And he said yes.
Do players need the law to protect them from the consequences of a poor performance on the pitch or the skills of a gifted player?
An interesting case seems to answer the question.
Unlike the UK, Spain offers its citizens protection under the constitution against use of a person’s image, which is considered damaging to that person’s honour.
It’s 1996 and you’re a professional footballer with Deportivo Compostela facing the talents of Barcelona’s Ronaldo (the Brazilian version!) at the top of his game. You’re mesmerised by his ball skills, he passes you with ease, beats six of your team mates and scores.
To make matters worse it’s shown again and again on TV with the above strap line as part of an advert for Nike.
The seven embarrassed players took Nike to court in 1998 claiming that Nike had unlawfully used their images and had injured their honour. For some reason the goalkeeper did not take action, read into that what you will!
The wheels of justice in Spain turn very slowly, but eventually the court delivered its judgement.
Nike argued that they had used the images lawfully and succeeded.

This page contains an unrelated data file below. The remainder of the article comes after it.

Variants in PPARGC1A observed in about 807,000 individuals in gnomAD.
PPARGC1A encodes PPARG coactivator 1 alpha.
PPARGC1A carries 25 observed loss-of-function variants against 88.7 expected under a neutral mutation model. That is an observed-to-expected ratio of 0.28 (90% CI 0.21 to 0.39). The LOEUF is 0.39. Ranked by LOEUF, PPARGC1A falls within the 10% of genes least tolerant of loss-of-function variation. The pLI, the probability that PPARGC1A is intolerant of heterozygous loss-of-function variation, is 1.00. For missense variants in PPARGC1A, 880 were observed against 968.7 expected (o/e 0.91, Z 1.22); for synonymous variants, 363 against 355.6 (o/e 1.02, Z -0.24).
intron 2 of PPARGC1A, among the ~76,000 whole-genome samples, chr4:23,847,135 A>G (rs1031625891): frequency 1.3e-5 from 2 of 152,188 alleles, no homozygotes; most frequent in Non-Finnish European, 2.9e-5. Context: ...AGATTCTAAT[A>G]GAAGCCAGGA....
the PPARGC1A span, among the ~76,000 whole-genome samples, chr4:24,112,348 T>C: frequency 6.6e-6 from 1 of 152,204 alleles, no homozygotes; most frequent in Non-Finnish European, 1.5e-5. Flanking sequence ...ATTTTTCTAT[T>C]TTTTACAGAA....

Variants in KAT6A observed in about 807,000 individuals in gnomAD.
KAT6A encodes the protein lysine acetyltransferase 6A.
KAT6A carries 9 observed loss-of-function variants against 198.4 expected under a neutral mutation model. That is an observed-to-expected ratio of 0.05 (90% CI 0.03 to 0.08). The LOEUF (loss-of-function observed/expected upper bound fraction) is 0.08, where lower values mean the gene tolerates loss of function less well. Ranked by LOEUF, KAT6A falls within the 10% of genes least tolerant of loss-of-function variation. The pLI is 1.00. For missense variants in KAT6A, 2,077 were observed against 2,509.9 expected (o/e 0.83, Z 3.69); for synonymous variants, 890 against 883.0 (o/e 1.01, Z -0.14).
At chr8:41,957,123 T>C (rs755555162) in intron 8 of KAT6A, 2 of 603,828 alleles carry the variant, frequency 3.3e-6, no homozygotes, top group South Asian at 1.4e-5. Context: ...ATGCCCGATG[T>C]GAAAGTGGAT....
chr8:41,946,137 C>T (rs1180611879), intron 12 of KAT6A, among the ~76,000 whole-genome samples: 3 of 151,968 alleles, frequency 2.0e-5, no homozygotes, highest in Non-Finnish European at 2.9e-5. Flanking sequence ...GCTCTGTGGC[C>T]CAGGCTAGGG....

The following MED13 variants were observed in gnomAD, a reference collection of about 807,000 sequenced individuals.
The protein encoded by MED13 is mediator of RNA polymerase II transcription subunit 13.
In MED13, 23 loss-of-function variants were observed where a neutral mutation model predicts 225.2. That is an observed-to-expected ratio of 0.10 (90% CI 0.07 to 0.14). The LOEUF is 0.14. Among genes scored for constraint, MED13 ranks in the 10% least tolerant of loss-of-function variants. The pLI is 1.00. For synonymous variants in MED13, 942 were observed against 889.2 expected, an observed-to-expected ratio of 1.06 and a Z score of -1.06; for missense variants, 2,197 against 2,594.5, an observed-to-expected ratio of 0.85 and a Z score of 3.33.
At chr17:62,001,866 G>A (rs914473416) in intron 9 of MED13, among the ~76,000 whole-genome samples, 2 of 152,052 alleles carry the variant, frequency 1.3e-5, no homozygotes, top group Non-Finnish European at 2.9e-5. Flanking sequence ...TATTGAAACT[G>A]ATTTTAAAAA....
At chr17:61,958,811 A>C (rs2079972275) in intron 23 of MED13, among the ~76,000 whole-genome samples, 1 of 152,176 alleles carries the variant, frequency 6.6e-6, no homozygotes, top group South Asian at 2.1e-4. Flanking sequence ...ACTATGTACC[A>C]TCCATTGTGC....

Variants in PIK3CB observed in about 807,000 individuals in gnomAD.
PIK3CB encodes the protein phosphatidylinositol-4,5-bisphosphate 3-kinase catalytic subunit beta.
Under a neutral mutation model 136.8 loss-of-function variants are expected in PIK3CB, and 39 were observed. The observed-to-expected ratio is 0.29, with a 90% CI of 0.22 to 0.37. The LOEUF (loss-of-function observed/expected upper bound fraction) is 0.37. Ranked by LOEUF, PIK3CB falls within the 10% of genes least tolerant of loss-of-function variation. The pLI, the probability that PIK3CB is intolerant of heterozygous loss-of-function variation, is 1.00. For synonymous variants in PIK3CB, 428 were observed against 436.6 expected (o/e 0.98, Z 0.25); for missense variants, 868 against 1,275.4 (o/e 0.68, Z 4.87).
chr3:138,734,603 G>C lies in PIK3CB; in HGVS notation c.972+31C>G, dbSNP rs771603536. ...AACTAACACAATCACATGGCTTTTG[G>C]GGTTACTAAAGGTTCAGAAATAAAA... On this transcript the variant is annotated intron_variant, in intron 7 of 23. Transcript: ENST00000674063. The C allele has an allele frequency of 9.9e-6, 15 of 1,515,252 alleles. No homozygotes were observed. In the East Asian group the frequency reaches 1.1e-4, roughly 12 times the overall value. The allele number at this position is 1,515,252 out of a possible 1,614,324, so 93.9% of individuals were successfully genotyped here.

La Liga had legimately licensed the right to Nike to reproduce excerpts from La Liga matches involving their sponsored player Ronaldo, including his performances for Barcelona, which they had done with his consent, for the purpose of admiring his skills for the promotion of its products.
As for damage to their honour, the court made a clear distinction between the moral and commercial element of the protection afforded by the constitution. It said that the moral aspects were intended to cover privacy and dignity in private life which must be distinguished from commercial exploitation of a person’s image.
By signing professional contracts with their club the players’ had assigned their image rights to La Liga for commercial purposes and on this basis they could not complain as there had been no breach of contract in further licensing the rights to Nike.
A telling comment from the court summed up the moral angle; “being beaten by another player who dribbles past you is considered to be part of the game of football and therefore broadcasting such images does not entail moral damage”
A sensible decision you might think.
For further information please contact Tim Bailey on 01782 205000 or email@example.com